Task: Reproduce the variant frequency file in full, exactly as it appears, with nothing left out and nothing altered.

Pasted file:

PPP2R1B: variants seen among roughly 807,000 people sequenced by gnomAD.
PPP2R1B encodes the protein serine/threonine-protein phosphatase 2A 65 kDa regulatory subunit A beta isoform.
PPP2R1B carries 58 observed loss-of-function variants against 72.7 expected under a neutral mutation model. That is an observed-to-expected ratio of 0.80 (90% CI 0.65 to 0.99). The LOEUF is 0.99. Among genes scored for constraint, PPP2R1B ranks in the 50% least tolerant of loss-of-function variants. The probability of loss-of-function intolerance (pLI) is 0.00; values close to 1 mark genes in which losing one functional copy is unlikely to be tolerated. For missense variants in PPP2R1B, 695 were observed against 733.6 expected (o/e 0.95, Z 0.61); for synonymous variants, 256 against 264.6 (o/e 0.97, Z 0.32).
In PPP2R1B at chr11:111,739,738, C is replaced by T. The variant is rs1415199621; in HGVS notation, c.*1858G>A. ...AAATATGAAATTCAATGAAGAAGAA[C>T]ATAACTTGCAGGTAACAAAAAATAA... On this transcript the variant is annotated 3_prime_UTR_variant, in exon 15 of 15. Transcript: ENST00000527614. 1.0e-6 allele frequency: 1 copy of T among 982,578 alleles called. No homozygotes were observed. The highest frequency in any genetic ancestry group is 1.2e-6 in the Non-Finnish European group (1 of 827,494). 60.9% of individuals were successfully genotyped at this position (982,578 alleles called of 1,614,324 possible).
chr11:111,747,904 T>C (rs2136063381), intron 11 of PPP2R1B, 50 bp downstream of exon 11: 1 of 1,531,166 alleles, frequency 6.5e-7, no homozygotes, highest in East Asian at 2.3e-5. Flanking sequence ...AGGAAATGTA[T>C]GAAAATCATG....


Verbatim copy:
PPP2R1B: variants seen among roughly 807,000 people sequenced by gnomAD.
PPP2R1B encodes the protein serine/threonine-protein phosphatase 2A 65 kDa regulatory subunit A beta isoform.
PPP2R1B carries 58 observed loss-of-function variants against 72.7 expected under a neutral mutation model. That is an observed-to-expected ratio of 0.80 (90% CI 0.65 to 0.99). The LOEUF is 0.99. Among genes scored for constraint, PPP2R1B ranks in the 50% least tolerant of loss-of-function variants. The probability of loss-of-function intolerance (pLI) is 0.00; values close to 1 mark genes in which losing one functional copy is unlikely to be tolerated. For missense variants in PPP2R1B, 695 were observed against 733.6 expected (o/e 0.95, Z 0.61); for synonymous variants, 256 against 264.6 (o/e 0.97, Z 0.32).
In PPP2R1B at chr11:111,739,738, C is replaced by T. The variant is rs1415199621; in HGVS notation, c.*1858G>A. ...AAATATGAAATTCAATGAAGAAGAA[C>T]ATAACTTGCAGGTAACAAAAAATAA... On this transcript the variant is annotated 3_prime_UTR_variant, in exon 15 of 15. Transcript: ENST00000527614. 1.0e-6 allele frequency: 1 copy of T among 982,578 alleles called. No homozygotes were observed. The highest frequency in any genetic ancestry group is 1.2e-6 in the Non-Finnish European group (1 of 827,494). 60.9% of individuals were successfully genotyped at this position (982,578 alleles called of 1,614,324 possible).
chr11:111,747,904 T>C (rs2136063381), intron 11 of PPP2R1B, 50 bp downstream of exon 11: 1 of 1,531,166 alleles, frequency 6.5e-7, no homozygotes, highest in East Asian at 2.3e-5. Flanking sequence ...AGGAAATGTA[T>C]GAAAATCATG....